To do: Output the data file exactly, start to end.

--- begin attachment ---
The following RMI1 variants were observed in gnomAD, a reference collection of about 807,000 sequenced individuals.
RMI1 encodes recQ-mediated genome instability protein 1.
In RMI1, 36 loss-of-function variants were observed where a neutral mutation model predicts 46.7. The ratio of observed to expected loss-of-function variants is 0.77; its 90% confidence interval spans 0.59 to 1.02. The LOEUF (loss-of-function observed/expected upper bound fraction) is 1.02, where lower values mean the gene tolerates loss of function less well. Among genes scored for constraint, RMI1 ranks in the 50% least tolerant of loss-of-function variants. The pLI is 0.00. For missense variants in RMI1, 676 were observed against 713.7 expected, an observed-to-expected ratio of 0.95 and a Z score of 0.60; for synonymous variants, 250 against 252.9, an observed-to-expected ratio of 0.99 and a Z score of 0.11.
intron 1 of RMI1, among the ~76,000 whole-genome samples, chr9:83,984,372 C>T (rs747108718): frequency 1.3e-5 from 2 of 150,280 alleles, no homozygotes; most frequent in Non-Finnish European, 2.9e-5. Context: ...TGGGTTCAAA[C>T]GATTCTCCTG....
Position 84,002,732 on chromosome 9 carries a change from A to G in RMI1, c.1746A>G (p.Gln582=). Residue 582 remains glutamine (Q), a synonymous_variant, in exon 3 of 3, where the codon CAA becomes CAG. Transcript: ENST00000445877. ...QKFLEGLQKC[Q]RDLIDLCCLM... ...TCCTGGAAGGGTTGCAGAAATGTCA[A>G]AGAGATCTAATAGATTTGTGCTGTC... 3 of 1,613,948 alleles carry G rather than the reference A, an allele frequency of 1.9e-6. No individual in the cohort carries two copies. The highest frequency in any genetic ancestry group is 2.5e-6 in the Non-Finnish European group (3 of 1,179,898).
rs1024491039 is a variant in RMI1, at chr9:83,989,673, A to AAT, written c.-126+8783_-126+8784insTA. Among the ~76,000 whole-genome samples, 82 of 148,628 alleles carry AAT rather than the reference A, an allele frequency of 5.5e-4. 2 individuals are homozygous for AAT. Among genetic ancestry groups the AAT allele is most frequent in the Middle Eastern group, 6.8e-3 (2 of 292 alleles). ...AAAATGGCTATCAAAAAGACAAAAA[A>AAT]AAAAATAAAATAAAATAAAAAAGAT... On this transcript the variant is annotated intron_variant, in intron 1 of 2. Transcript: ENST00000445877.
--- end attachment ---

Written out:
The following RMI1 variants were observed in gnomAD, a reference collection of about 807,000 sequenced individuals.
RMI1 encodes recQ-mediated genome instability protein 1.
In RMI1, 36 loss-of-function variants were observed where a neutral mutation model predicts 46.7. The ratio of observed to expected loss-of-function variants is 0.77; its 90% confidence interval spans 0.59 to 1.02. The LOEUF (loss-of-function observed/expected upper bound fraction) is 1.02, where lower values mean the gene tolerates loss of function less well. Among genes scored for constraint, RMI1 ranks in the 50% least tolerant of loss-of-function variants. The pLI is 0.00. For missense variants in RMI1, 676 were observed against 713.7 expected, an observed-to-expected ratio of 0.95 and a Z score of 0.60; for synonymous variants, 250 against 252.9, an observed-to-expected ratio of 0.99 and a Z score of 0.11.
intron 1 of RMI1, among the ~76,000 whole-genome samples, chr9:83,984,372 C>T (rs747108718): frequency 1.3e-5 from 2 of 150,280 alleles, no homozygotes; most frequent in Non-Finnish European, 2.9e-5. Context: ...TGGGTTCAAA[C>T]GATTCTCCTG....
Position 84,002,732 on chromosome 9 carries a change from A to G in RMI1, c.1746A>G (p.Gln582=). Residue 582 remains glutamine (Q), a synonymous_variant, in exon 3 of 3, where the codon CAA becomes CAG. Transcript: ENST00000445877. ...QKFLEGLQKC[Q]RDLIDLCCLM... ...TCCTGGAAGGGTTGCAGAAATGTCA[A>G]AGAGATCTAATAGATTTGTGCTGTC... 3 of 1,613,948 alleles carry G rather than the reference A, an allele frequency of 1.9e-6. No individual in the cohort carries two copies. The highest frequency in any genetic ancestry group is 2.5e-6 in the Non-Finnish European group (3 of 1,179,898).
rs1024491039 is a variant in RMI1, at chr9:83,989,673, A to AAT, written c.-126+8783_-126+8784insTA. Among the ~76,000 whole-genome samples, 82 of 148,628 alleles carry AAT rather than the reference A, an allele frequency of 5.5e-4. 2 individuals are homozygous for AAT. Among genetic ancestry groups the AAT allele is most frequent in the Middle Eastern group, 6.8e-3 (2 of 292 alleles). ...AAAATGGCTATCAAAAAGACAAAAA[A>AAT]AAAAATAAAATAAAATAAAAAAGAT... On this transcript the variant is annotated intron_variant, in intron 1 of 2. Transcript: ENST00000445877.